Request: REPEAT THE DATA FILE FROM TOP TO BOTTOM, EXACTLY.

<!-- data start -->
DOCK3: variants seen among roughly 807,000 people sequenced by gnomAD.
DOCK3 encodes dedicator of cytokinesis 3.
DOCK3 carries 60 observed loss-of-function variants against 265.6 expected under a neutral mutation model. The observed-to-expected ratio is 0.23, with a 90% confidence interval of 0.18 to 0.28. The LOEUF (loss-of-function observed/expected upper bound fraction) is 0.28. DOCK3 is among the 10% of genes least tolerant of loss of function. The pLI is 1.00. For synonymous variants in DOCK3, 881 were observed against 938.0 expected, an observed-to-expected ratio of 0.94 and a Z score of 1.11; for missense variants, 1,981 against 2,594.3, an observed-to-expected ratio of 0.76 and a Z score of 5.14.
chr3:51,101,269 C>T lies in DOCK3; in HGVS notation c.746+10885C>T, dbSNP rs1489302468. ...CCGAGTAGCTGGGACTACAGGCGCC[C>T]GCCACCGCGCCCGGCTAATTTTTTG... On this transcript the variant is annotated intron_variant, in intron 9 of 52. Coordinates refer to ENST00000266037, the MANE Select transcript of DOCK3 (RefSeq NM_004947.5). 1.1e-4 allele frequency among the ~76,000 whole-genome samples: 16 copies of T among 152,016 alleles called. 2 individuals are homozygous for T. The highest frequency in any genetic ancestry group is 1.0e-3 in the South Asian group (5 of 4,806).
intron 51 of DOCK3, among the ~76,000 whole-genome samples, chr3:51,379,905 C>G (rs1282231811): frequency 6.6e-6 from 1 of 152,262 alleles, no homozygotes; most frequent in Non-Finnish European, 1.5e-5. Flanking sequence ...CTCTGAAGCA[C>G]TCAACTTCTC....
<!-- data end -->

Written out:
DOCK3: variants seen among roughly 807,000 people sequenced by gnomAD.
DOCK3 encodes dedicator of cytokinesis 3.
DOCK3 carries 60 observed loss-of-function variants against 265.6 expected under a neutral mutation model. The observed-to-expected ratio is 0.23, with a 90% confidence interval of 0.18 to 0.28. The LOEUF (loss-of-function observed/expected upper bound fraction) is 0.28. DOCK3 is among the 10% of genes least tolerant of loss of function. The pLI is 1.00. For synonymous variants in DOCK3, 881 were observed against 938.0 expected, an observed-to-expected ratio of 0.94 and a Z score of 1.11; for missense variants, 1,981 against 2,594.3, an observed-to-expected ratio of 0.76 and a Z score of 5.14.
chr3:51,101,269 C>T lies in DOCK3; in HGVS notation c.746+10885C>T, dbSNP rs1489302468. ...CCGAGTAGCTGGGACTACAGGCGCC[C>T]GCCACCGCGCCCGGCTAATTTTTTG... On this transcript the variant is annotated intron_variant, in intron 9 of 52. Coordinates refer to ENST00000266037, the MANE Select transcript of DOCK3 (RefSeq NM_004947.5). 1.1e-4 allele frequency among the ~76,000 whole-genome samples: 16 copies of T among 152,016 alleles called. 2 individuals are homozygous for T. The highest frequency in any genetic ancestry group is 1.0e-3 in the South Asian group (5 of 4,806).
intron 51 of DOCK3, among the ~76,000 whole-genome samples, chr3:51,379,905 C>G (rs1282231811): frequency 6.6e-6 from 1 of 152,262 alleles, no homozygotes; most frequent in Non-Finnish European, 1.5e-5. Flanking sequence ...CTCTGAAGCA[C>G]TCAACTTCTC....